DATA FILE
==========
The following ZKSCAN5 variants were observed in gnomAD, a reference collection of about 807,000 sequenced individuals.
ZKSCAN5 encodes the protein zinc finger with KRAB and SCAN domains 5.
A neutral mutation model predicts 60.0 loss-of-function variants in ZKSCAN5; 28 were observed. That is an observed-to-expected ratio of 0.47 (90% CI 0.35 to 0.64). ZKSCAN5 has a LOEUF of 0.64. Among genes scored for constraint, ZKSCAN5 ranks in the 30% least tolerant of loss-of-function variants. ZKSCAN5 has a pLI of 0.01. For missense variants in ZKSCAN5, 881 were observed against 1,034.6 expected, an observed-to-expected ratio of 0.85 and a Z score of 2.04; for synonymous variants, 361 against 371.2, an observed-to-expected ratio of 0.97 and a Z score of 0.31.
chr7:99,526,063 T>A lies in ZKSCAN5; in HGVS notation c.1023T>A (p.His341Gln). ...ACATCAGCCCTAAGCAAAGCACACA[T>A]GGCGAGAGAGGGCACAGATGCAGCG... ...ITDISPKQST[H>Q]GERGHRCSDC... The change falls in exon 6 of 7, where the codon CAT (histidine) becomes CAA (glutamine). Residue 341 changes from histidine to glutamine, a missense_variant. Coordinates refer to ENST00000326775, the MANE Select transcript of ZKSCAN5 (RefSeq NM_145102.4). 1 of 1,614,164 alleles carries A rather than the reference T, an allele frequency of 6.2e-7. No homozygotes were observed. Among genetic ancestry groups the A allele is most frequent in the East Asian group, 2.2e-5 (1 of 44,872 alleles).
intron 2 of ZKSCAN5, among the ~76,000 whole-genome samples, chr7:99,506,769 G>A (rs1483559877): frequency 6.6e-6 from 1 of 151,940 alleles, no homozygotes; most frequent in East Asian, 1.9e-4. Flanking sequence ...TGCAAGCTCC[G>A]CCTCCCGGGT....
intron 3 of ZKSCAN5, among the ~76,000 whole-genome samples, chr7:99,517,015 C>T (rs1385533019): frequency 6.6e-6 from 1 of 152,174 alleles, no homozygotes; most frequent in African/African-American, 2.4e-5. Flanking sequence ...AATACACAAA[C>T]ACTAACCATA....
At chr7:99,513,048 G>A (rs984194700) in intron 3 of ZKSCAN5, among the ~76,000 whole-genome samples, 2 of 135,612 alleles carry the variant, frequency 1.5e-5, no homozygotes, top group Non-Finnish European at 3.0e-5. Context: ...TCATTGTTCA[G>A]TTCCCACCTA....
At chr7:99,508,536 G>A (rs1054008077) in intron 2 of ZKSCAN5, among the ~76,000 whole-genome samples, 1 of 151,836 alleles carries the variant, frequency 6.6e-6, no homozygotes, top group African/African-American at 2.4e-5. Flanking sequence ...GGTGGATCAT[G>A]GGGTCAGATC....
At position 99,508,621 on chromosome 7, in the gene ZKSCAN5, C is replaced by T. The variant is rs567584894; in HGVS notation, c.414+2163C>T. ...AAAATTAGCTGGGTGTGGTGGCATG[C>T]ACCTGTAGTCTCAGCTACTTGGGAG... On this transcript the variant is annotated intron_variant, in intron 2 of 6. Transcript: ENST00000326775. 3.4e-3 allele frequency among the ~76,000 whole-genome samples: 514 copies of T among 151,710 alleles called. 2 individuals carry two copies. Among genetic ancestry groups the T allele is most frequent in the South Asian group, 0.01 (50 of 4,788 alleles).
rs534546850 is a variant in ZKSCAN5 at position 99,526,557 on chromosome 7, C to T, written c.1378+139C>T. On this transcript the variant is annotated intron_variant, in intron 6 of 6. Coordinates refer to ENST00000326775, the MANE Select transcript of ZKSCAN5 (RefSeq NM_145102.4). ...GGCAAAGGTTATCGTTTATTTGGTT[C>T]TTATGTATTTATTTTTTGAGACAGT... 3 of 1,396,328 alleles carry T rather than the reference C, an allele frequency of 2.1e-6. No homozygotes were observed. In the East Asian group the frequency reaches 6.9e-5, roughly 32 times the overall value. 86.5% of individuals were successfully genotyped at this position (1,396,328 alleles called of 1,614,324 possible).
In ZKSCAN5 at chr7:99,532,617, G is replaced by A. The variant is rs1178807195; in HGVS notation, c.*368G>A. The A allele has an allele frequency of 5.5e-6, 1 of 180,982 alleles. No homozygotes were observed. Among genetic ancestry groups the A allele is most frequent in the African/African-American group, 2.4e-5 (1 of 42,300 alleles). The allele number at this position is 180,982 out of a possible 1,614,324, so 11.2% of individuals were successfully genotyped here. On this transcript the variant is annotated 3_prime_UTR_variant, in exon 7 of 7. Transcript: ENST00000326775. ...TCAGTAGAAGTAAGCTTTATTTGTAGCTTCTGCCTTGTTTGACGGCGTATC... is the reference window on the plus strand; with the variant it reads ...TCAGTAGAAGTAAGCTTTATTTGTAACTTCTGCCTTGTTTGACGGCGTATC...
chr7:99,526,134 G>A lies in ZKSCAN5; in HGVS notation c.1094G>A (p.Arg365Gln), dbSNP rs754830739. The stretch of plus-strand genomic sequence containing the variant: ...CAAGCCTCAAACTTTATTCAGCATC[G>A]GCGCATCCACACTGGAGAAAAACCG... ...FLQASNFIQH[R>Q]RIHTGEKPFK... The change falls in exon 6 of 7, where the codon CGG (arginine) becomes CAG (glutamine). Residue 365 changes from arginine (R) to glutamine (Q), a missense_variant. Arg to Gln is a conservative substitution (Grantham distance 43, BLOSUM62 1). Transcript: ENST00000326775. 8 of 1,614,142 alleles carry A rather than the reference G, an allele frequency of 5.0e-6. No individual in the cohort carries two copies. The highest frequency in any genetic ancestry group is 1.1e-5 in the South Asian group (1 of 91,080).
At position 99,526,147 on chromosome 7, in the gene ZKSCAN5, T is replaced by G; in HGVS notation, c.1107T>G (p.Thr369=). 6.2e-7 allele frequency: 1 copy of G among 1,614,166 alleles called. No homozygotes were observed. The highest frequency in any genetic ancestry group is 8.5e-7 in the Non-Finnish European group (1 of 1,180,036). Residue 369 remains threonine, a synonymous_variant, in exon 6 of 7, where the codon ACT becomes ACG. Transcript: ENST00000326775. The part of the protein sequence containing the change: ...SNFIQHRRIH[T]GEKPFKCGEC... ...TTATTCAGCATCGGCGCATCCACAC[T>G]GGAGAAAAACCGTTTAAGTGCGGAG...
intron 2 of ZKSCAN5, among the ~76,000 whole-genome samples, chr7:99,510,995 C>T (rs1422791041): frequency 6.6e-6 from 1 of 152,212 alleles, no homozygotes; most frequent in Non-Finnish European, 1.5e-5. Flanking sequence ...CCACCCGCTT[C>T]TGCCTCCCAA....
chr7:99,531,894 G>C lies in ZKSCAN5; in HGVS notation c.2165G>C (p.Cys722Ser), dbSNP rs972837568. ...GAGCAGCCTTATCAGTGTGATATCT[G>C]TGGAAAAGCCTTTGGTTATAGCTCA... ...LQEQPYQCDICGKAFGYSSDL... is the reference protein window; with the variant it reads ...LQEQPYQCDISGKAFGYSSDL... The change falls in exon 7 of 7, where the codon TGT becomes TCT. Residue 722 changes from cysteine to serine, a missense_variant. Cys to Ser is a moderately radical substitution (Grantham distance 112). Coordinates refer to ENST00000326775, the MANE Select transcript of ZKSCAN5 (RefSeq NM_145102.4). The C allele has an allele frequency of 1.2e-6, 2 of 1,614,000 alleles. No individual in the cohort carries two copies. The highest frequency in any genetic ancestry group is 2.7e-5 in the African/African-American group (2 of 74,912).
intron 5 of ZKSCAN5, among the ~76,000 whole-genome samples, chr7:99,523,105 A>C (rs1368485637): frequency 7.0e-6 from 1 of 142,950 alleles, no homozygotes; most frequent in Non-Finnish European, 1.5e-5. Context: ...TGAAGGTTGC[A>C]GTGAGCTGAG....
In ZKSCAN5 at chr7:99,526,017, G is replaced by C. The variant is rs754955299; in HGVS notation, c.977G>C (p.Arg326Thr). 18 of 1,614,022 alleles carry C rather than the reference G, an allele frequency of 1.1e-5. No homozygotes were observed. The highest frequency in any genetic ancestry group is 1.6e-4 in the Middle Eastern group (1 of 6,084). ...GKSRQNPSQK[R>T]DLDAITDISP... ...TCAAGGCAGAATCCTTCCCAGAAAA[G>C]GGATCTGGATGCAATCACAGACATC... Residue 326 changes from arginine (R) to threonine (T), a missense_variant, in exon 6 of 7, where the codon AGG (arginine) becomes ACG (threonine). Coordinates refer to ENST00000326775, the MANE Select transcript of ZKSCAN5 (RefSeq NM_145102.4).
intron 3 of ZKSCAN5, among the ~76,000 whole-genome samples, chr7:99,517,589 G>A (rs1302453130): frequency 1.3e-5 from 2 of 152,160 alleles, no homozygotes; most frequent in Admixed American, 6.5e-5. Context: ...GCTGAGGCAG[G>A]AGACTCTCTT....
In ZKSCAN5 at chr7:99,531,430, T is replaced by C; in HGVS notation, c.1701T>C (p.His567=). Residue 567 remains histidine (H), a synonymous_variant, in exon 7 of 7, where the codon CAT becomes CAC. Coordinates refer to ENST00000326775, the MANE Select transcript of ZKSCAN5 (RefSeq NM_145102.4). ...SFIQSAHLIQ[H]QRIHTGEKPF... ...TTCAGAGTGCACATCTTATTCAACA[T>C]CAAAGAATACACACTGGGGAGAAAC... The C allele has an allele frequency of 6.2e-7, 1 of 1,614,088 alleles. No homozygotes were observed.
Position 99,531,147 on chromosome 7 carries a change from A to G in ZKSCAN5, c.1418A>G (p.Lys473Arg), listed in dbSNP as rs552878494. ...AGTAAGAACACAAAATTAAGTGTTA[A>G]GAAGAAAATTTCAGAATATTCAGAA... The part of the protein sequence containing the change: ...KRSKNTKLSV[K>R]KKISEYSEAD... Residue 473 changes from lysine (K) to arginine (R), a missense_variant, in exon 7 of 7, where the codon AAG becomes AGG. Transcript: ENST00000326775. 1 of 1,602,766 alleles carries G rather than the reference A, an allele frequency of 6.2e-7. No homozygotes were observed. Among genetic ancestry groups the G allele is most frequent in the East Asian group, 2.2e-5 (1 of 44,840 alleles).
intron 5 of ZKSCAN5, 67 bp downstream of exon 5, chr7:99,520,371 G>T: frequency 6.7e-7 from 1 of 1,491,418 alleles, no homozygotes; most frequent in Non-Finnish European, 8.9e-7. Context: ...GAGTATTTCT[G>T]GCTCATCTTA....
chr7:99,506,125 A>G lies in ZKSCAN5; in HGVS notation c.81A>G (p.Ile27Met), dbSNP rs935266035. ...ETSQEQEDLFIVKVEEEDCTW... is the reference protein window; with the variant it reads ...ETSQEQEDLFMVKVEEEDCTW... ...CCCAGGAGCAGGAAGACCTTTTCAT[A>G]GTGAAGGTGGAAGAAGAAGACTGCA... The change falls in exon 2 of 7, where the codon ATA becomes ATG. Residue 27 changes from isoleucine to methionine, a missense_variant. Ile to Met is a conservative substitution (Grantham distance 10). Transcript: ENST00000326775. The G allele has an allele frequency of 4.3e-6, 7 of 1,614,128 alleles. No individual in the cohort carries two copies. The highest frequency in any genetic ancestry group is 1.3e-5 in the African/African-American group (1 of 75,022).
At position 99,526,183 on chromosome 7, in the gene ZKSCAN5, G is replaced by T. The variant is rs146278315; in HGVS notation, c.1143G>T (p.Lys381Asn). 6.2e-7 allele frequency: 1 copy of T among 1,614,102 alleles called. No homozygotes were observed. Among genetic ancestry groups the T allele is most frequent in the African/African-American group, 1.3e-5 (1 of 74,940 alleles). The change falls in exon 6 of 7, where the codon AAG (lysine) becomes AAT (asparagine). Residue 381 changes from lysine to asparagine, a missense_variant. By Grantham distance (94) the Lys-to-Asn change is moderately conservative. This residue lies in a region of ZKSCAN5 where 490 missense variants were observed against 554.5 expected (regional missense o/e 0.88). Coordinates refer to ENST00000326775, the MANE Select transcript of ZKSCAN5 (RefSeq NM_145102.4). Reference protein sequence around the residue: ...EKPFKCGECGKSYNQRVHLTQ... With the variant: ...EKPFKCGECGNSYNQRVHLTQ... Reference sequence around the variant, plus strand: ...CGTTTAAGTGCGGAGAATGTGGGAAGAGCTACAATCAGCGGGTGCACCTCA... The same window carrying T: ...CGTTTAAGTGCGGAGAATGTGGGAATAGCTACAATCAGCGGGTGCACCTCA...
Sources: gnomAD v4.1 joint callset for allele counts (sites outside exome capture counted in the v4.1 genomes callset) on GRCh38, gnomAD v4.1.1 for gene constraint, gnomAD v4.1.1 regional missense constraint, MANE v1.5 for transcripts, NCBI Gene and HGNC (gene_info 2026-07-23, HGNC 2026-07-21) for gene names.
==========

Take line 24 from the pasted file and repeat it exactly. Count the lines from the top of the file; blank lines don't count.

Sources: gnomAD v4.1 joint callset for allele counts (sites outside exome capture counted in the v4.1 genomes callset) on GRCh38, gnomAD v4.1.1 for gene constraint, gnomAD v4.1.1 regional missense constraint, MANE v1.5 for transcripts, NCBI Gene and HGNC (gene_info 2026-07-23, HGNC 2026-07-21) for gene names.